As this historic World Series unfolds, pitting the Chicago Cubs against the Cleveland Indians, we need to address this critical question: Has a curse prevented the Cubs from winning a World Series since their last victory in 1908?

First a little background.

After being established in 1903, the Cubs were one of the strongest teams in the nation, winning back-to-back World Series championships in 1907 and 1908, becoming the first Major League team to play in three consecutive World Series, and the first to win it twice.

All that came crashing to a halt in 1945, when the Cubs again faced off in the World Series against the Detroit Tigers. On October 6, the Cubs were leading in Game Four, when local fan William “Billy Goat” Sianis decided to lend a hand. Sianis owned the nearby Billy Goat Tavern, overseen by his pet goat Murphy. Seeking to bolster his team, Sianis led Murphy over to the stadium, bought the animal a ticket, but was prevented from entering by an usher who objected to the goat’s awful smell.

Enraged, Sianis declared, “The Cubs ain’t going to win no more!” until his goat was allowed on the field. The Cubs lost that game, and the World Series. Sianis later sent a telegram to the team’s owner asking “Who stinks now?” The Cubs long losing streak had begun.

In 1969, Sianis formally declared the curse lifted, but the Cubs continued to lose as they tried their best to reverse the supposed “curse”. Sam Sianis, William’s nephew continues to keep a goat and has brought it to Cubs games again and again in an effort to lift the spell, parading it on the field, and yelling, “The curse is lifted!” In 2003, when the Cubs found themselves in a tight match with the Houston Astros, the goat was even sent to Texas to help the team along.

Well the Cubs are now in the World Series (I live in Chicago and this is a big deal; fans have waited a lifetime for this!) and I don’t think their winning has anything to do with a goat going to a ballgame.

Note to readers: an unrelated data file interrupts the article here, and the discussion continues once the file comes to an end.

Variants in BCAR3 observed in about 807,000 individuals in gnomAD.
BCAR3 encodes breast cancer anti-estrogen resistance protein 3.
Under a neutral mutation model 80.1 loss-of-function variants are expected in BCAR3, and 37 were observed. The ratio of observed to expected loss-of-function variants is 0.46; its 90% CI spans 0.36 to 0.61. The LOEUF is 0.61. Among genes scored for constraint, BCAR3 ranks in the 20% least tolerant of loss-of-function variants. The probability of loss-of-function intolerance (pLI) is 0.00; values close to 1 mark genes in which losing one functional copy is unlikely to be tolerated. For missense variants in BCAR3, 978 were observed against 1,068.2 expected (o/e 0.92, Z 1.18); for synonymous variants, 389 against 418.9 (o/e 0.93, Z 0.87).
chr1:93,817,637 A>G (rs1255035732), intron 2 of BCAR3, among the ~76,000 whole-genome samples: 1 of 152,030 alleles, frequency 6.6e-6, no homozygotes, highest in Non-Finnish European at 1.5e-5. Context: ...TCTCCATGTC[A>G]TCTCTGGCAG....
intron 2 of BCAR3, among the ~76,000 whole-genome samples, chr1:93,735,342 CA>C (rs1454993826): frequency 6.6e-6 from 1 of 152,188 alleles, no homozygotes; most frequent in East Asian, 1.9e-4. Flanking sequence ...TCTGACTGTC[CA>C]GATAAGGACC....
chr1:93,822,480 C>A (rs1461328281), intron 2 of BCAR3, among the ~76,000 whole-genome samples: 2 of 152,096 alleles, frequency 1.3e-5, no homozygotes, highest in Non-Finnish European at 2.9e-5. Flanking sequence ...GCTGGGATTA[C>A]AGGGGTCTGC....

One of the most difficult challenges athletes face is overcoming their own internal mental barriers. Take the four minute mile. For generations, running a mile in under four minutes seemed to be an impossible dream. In the early 1950s, Australian runner John Landy started inching closer to the goal, setting a record of 4:02.1 in 1952, but breaking the four minute barrier seemed impossible. “Frankly, I think the four-minute mile is beyond my capabilities,” Landy told journalists.

On May 6, 1954, Roger Bannister famously ran a mile in under four minutes, stopping the clock at 3:59.4. In the ensuing weeks, a number of other runners also ran a mile in less than four minutes. Incredibly, 46 days after Bannister’s world record, Landy himself broke the four minute barrier, clocking in at 3:57.9.

The barrier wasn’t physical, runners realized, but mental, and once they truly believed it was indeed possible to attain that goal, the barrier fell. “It is the brain, not the heart of lungs, that is the critical organ,” Roger Bannister later explained.

What’s true for athletes is true for us all: it’s easy to get trapped by our own mental barriers, to convince ourselves that something is holding us back, with or without a supposed curse. Sometimes, all that’s preventing us from reaching our goals is an irrational belief that we can’t reach them.

So can the Chicago Cubs overcome their “curse” and win the World Series? Jon Lester, a pitcher for the team, has insisted that the supposed curse has become an “irrational fear” holding them back and that his fellow teammates need to mentally talk it through. “There is nothing for us to run from,” he said. He hopes that by confronting their fears, Cubs players will overcome them and focus on their real adversaries, the Cleveland Indians instead.

Whatever the outcome of the 2016 World Series, I’m rooting for the Cubs. I’m rooting that not only they should win but that they will show themselves and fans around the world that sporting success rests on solid teamwork, talented players, believing in yourself (and of course asking for God’s help) – not on curses and superstition. The only thing holding them back is fear itself.